• World time. Unlike dual time, world time is its own separate mode which supports 48 cities (29 different time zones), and shows the date as well as the time. You can also hold down the upper left and right buttons simultaneously while in world time mode to swap your world time city with your home city. This is very useful for people who frequently travel between two time zones. Once the two cities are swapped, the watch will automatically start receiving whichever time calibration signal is appropriate for the new home time.
  • Stopwatch. The stopwatch on the MTG-1500 is goes up to 23 hours, 59 minutes, and 59.99 seconds in increments of 1/100th of a second. The stopwatch subdial (at the 3 o’clock position) measures in increments of 1/20th of a second. You can also measure one split time.
  • Countdown timer. The countdown timer can be set for times between one and 60 minutes. The countdown timer can also be set to auto-repeat which means it will start again at the beginning, and keep track of the number of cycles (from one to eight).
  • Five daily alarms with one snooze alarm which repeats at five minute intervals until you change modes. In alarm mode, you can also toggle the hourly “chime.”
  • Fully automatic calendar, of course.
  • LED illumination. A tiny yellow LED at the six o’clock position illuminates the entire dial of the watch and makes it easily readable in low-light conditions. It can also be configured to activate automatically in the dark when the watch is tilted toward you at an angle of more than 40 degrees. The MTG-1500 has decent (not as good as the MRG’s) luminescent paint on the hour and minute hands, and a little on the hour indices, but in the middle of the night, you’ll definitely appreciate the LED. Casio got the brightness of this LED perfect, unlike the two LEDs on the GW-1310 I reviewed several years ago which are so bright that they hurt your eyes to look at them in the middle of the night.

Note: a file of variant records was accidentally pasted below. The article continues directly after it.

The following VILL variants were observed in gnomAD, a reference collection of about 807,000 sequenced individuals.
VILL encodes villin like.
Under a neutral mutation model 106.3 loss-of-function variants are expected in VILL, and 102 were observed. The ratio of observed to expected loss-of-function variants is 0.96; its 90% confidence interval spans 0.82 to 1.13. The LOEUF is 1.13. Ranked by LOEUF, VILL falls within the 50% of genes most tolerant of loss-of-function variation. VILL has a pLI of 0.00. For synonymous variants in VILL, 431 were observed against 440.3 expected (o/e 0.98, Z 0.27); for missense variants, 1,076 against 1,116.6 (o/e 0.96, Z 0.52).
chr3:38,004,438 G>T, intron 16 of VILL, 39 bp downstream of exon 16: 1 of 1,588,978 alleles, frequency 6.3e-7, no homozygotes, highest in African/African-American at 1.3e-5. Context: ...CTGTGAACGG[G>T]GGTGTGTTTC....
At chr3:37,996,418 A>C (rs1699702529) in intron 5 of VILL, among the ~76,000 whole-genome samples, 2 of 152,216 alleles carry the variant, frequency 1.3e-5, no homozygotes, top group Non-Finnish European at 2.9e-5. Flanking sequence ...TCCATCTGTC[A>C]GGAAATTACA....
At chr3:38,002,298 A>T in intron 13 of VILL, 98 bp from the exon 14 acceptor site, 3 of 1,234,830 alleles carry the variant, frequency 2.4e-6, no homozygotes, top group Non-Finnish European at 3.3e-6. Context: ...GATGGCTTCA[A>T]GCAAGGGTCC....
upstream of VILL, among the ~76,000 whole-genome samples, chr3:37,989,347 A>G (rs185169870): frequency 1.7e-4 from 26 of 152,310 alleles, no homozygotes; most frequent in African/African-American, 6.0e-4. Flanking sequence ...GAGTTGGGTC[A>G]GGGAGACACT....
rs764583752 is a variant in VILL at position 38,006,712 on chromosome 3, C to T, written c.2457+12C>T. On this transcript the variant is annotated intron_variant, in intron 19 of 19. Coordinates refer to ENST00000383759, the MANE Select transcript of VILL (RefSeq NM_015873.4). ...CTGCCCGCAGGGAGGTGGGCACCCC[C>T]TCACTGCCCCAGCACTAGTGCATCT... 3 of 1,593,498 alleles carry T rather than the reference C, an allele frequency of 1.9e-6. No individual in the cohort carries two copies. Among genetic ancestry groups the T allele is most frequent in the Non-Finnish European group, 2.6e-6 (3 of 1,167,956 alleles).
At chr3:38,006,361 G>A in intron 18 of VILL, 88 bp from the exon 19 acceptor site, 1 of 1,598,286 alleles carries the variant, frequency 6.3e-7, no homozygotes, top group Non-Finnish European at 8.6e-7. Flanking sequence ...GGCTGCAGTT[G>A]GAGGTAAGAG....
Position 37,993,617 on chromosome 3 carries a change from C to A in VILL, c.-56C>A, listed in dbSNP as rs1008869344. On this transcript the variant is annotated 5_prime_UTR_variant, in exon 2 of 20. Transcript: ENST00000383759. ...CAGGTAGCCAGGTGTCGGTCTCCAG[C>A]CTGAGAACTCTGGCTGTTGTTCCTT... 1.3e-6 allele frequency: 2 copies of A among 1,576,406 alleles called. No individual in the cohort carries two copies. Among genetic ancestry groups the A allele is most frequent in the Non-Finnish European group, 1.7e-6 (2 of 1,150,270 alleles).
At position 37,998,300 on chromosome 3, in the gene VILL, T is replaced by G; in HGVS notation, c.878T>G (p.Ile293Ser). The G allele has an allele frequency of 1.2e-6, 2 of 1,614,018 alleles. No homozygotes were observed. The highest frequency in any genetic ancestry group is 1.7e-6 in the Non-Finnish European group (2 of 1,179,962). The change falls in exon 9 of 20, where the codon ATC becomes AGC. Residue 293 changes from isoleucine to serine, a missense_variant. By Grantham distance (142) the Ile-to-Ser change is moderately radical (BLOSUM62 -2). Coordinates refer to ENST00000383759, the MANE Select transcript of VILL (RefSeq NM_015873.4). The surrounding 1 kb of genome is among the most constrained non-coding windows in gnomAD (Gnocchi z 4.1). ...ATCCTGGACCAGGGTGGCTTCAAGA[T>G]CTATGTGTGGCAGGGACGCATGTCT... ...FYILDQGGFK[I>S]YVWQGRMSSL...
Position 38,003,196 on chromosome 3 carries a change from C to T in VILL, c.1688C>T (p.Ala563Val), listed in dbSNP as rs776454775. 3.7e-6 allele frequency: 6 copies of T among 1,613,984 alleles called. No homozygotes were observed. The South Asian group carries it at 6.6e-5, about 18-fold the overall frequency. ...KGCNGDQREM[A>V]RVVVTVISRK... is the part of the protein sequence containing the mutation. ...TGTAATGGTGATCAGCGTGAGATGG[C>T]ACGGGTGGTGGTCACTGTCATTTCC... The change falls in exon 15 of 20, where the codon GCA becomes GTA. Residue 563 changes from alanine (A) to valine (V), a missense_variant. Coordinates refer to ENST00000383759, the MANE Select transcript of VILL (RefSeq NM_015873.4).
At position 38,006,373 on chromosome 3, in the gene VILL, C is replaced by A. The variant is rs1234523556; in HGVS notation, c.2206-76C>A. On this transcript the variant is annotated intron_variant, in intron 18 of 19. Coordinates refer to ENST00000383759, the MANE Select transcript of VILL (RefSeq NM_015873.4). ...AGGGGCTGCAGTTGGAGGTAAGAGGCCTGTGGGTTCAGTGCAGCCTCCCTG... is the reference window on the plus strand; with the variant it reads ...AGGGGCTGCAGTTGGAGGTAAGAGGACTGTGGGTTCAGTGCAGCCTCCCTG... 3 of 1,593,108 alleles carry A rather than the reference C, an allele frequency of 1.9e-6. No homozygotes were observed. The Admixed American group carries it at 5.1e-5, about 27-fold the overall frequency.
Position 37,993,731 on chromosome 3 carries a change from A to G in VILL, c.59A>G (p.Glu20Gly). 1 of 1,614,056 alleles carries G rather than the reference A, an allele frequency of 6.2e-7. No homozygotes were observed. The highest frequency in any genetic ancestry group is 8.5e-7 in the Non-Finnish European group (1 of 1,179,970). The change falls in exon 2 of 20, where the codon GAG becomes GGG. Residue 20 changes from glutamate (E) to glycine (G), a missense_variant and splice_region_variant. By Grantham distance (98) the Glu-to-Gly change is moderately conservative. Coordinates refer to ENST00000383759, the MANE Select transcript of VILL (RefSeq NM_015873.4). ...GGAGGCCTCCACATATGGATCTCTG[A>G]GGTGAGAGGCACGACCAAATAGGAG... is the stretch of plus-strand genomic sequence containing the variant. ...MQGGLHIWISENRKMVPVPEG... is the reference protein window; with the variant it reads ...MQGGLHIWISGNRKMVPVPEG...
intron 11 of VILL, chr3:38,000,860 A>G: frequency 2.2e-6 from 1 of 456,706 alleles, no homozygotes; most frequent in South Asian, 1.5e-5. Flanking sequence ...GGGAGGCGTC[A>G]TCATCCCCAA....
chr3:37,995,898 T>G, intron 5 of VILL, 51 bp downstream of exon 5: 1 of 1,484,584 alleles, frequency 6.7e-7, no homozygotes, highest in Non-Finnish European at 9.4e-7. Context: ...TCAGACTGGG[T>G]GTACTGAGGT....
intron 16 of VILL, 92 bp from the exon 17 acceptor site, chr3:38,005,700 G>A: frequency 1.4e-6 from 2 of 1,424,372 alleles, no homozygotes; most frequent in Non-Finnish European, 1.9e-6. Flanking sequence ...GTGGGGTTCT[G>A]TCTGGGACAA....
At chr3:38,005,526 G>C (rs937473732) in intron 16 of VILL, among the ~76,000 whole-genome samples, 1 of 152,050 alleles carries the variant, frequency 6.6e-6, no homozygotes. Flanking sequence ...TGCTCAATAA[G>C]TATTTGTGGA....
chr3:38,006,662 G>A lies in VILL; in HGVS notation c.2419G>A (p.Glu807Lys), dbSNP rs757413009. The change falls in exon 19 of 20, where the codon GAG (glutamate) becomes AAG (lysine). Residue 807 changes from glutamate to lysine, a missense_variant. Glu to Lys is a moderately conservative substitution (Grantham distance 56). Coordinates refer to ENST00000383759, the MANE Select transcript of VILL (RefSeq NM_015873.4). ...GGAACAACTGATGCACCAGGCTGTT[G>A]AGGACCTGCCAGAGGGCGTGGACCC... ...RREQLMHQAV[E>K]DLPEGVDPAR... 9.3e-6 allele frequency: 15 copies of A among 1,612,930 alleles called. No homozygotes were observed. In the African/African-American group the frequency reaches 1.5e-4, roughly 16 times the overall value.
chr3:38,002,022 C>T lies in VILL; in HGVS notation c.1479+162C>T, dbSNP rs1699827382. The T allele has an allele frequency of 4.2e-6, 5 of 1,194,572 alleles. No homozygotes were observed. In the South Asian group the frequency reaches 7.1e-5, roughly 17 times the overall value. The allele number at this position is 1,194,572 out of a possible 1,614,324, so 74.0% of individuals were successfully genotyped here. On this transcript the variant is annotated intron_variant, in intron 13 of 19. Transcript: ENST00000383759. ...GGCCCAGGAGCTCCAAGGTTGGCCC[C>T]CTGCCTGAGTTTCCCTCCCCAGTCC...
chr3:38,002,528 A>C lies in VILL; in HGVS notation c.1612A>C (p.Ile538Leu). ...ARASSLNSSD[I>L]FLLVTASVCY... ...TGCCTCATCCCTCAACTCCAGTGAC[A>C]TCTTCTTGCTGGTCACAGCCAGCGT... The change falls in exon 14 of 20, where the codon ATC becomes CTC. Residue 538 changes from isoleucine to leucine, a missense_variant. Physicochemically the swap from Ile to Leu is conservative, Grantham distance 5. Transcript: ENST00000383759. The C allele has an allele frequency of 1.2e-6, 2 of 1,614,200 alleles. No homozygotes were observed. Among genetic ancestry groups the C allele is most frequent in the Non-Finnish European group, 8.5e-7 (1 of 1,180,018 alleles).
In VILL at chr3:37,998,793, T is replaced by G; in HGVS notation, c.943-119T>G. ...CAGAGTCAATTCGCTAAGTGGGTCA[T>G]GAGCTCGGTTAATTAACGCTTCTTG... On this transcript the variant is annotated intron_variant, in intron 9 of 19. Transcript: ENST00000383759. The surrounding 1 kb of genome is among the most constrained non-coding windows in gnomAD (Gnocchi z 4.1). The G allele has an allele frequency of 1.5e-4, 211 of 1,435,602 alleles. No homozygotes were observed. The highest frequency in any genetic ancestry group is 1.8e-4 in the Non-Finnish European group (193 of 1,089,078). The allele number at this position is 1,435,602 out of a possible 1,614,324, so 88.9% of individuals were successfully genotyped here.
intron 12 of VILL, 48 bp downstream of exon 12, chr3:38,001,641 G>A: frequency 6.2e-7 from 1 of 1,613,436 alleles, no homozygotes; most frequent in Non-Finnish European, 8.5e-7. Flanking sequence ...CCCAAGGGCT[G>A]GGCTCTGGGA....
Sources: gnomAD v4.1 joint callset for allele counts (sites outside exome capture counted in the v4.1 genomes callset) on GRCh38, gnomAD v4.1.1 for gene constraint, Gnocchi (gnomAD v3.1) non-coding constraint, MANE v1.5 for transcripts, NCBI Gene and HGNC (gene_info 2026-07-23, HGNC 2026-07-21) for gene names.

• Automatic hand correction. Like the Casio G-Shock GS-1200-1AJF, the movement in the MTG-1500 automatically checks each hour to see if the hour and minute hands need to be realigned, and if so, aligns them properly. It’s possible for hands to get out of alignment if the watch is exposed to strong magnetism or sustains an extremely hard shock (which none of us at Watch Report have ever seen happen, but according to Casio, it’s possible). This calibration is done using internal LEDs that, each hour, make sure the hour and minute hands are where they are supposed to be, and if not, the movement automatically fixes them. You can also correct them manually, or trigger the correction operation manually.
  • Water resistant to 200 meters, or about 650 feet.
  • 47mm wide, 15.9mm high, and 130g.

For people like me who love high-precision watches with an abundance of features, there’s nothing not to like about the Casio G-Shock MTG-1500. At less than $500USD, even the price is extremely attractive for this level of technology. Of course, the MTG-1500 isn’t available in US, but it can be had through all the usual means. I personally guarantee that it’s well worth your trouble.

Additional resources:

By Christian Cantrell

1 Comment

  1. How visible are the LCDs when you turn the light on in the dark? It’s probably not as good as EL lighting, is it?